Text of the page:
Sometimes, we get so used to war that we don’t remember what peace looks like.
Sometimes, we fight so hard for every inch of ground we can’t quite remember home.
This is why the question eats at me constantly: how can we find the energy to resist the enemy if we forget what we’re striving for, if we lose sight of the very things from which we draw strength?
Some years back, a friend of mine fired off a quick sentence on social media. I don’t remember what it was in reference to, but it immediately struck me, nearly perfect in its succinctness:
Beauty is a salve.
We are wounded and battle-weary. We need to be reminded of the True, the Good, and the Beautiful on a regular basis or we risk losing our way. Whether it’s the prayers of the Church’s ancient liturgies, the rhythm of the Divine Office, a rosary in the briskness of an early morning walk, the sun setting over God’s creation, the sound of the wind, the rain, and the waves, the quiet Eucharistic presence of Our Lord within an architecture that reveres Him…whatever it is, we find God in the things that please us, that delight the senses and fill us with joy.
Perhaps one of the best such things is sacred music. Last month, I received an email from a reader that I had completely forgotten about until I committed myself today to attacking the hundreds of unread emails that never stop piling up in my inbox:
I am very fortunate to be a part of a little traditional schola at St. Mary Star of the Sea, Jackson MI. It’s a beautifully preserved church, a gem in the heart of the city.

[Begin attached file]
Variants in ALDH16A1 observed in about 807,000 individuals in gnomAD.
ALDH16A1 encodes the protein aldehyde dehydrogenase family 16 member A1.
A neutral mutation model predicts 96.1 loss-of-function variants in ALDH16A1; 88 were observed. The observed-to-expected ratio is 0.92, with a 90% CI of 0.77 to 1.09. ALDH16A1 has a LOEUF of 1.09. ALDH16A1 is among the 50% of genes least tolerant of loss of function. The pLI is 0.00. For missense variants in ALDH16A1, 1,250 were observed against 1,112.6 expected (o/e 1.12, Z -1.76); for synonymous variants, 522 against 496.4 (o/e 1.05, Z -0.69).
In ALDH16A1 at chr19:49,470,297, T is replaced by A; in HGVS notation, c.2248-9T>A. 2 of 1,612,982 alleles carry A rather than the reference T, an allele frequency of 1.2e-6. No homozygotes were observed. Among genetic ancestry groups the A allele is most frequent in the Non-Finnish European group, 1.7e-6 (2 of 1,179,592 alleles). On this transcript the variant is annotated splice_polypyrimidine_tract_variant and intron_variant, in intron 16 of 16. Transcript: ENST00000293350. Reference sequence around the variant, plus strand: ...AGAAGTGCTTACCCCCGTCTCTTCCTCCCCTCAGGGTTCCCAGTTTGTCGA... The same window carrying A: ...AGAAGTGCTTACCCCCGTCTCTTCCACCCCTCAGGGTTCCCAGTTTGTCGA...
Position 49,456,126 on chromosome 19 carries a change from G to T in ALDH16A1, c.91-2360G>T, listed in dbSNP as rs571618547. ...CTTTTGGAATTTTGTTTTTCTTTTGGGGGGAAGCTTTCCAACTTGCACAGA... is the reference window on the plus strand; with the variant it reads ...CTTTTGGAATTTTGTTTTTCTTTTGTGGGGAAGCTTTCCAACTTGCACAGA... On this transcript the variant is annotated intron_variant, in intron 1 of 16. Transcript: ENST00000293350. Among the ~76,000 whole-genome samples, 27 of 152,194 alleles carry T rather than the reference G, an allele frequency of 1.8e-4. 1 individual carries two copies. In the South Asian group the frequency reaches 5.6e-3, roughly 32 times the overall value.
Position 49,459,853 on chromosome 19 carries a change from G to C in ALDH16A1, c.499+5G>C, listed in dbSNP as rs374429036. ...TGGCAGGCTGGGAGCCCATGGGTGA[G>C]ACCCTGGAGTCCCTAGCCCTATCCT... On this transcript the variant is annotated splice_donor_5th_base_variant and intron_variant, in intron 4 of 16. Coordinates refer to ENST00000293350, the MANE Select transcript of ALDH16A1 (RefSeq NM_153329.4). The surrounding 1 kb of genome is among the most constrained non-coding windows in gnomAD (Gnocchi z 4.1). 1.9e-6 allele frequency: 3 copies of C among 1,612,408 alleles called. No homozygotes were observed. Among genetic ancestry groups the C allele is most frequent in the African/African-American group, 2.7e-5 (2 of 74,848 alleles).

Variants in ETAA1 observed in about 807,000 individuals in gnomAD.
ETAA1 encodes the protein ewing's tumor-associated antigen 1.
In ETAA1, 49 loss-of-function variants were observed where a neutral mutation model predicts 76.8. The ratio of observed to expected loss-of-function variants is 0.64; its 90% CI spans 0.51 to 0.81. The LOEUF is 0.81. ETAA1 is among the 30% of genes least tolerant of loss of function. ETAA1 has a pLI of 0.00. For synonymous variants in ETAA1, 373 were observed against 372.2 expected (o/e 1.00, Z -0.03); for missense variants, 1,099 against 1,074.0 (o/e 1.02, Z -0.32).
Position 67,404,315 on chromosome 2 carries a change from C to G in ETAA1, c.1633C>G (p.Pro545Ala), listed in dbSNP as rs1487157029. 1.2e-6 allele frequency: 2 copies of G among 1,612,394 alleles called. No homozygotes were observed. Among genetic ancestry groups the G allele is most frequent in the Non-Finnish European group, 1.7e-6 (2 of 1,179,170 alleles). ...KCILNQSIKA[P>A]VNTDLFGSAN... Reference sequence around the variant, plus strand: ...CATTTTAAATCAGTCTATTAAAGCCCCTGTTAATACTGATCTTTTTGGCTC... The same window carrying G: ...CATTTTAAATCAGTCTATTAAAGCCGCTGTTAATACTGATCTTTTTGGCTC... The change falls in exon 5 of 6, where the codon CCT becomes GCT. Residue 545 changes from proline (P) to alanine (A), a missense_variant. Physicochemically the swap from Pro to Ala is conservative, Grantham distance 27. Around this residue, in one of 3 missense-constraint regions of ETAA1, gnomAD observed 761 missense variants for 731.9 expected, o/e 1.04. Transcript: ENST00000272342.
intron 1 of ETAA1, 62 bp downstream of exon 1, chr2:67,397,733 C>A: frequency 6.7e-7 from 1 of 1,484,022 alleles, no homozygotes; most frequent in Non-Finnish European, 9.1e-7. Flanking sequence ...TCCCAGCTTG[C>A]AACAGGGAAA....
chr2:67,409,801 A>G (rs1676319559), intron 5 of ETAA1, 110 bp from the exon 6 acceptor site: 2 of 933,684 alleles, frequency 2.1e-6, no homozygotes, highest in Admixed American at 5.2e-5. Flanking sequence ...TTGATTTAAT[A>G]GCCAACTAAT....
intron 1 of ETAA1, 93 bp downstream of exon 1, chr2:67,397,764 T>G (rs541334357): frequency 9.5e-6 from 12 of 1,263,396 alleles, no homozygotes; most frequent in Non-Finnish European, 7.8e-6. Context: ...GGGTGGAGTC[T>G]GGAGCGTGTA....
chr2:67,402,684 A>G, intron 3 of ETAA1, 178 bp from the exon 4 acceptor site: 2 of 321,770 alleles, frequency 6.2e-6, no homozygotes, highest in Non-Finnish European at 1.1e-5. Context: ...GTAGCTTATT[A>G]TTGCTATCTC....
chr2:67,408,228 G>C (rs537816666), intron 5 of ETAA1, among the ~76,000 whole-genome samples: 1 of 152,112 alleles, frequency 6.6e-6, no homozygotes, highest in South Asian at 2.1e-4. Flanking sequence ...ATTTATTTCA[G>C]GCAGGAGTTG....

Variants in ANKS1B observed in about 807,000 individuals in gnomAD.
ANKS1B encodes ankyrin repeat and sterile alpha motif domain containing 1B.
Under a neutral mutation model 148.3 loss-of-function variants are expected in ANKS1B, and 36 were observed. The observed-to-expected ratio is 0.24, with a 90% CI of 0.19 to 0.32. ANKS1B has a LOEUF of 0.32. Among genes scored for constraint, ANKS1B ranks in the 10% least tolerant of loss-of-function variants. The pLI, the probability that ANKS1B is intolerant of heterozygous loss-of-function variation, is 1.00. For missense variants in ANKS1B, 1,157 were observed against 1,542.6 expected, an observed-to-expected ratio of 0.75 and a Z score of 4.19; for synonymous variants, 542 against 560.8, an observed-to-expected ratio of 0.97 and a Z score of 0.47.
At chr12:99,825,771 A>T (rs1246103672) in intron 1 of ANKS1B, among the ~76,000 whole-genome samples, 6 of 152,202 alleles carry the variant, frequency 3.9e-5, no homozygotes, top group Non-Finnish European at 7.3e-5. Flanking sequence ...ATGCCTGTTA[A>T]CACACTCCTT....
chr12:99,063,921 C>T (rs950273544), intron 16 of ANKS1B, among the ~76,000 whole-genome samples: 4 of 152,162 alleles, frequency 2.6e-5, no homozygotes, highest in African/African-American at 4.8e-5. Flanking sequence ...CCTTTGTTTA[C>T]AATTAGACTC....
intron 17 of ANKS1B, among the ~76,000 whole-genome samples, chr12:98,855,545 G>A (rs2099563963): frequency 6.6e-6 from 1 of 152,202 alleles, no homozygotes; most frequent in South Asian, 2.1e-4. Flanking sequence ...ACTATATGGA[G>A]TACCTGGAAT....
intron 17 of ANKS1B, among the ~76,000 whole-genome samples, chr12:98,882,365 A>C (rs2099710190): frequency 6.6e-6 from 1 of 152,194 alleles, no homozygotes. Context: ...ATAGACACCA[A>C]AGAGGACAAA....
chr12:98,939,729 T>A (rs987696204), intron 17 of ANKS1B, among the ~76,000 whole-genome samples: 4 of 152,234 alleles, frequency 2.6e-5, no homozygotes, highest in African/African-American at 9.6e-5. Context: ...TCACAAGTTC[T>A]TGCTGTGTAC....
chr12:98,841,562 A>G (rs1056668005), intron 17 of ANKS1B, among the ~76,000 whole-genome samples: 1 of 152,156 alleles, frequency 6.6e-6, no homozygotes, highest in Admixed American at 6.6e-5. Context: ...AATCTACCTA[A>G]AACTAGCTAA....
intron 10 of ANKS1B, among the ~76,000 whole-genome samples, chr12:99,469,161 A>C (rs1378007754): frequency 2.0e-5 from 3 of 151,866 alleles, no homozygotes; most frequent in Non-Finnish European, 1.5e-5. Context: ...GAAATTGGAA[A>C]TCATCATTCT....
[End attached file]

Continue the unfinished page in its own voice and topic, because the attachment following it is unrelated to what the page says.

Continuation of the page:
St. Mary’s schola started out with one lone member. He chanted and sang his heart out for about 6 months. Tired of doing the one man show, he recruited two of his siblings to assist. I’m one of them. We started praying for more willing souls to participate and God ( rather quickly, I might add) has blessed us with a number of committed people, mostly amateur, with a couple of talented music directors from other churches in the area. The schola has developed a sound, one that comes with working closely together, every week. Also, a sound that comes from all of us seeking to, in our small way, give God His due.
The thing is, God answered the prayers of a few lone volunteers and, with His blessing, we now number about 12 steady members. Our Latin Mass was starved for sacred polyphony and Gregorian chant for longer than I care to remember, but now we are experiencing a richness that we never could have anticipated.
I would like to share a link to our latest video. This is a live recording from Passion Sunday.
The video is excellent. The sound rich, the echo of the parish a perfect acoustic accouterment to the practiced voices of the schola. In the background, small children can be heard babbling or crying, a door squeaks as a parent makes a hasty exit, the noises of the lived experience of Catholic worship reminding us that this is something we can experience at Mass — no professional choir required — if only we love Our Lord enough to give the gifts he has given us back to Him in service to His glory.
As the first video wound down, YouTube queued up a second – this time of the St. Mary’s Schola performing Casciolini’s Panis Angelicus. It doesn’t disappoint:
The work being done by this schola of just 12 voices is one of many examples of the Catholic renaissance that is quitely blossoming in parishes around the world — a restoration of the beauty of classical Christianity unfolding one altar rail, one sanctuary, one schola at a time.
If you’re blessed with a parish where the sacred is flourishing anew, please share whatever you can with us. We may report on news of the crisis, but our mission will always be to rebuild Catholic Culture and restore Catholic Tradition. We want to continue that most important work one story at a time.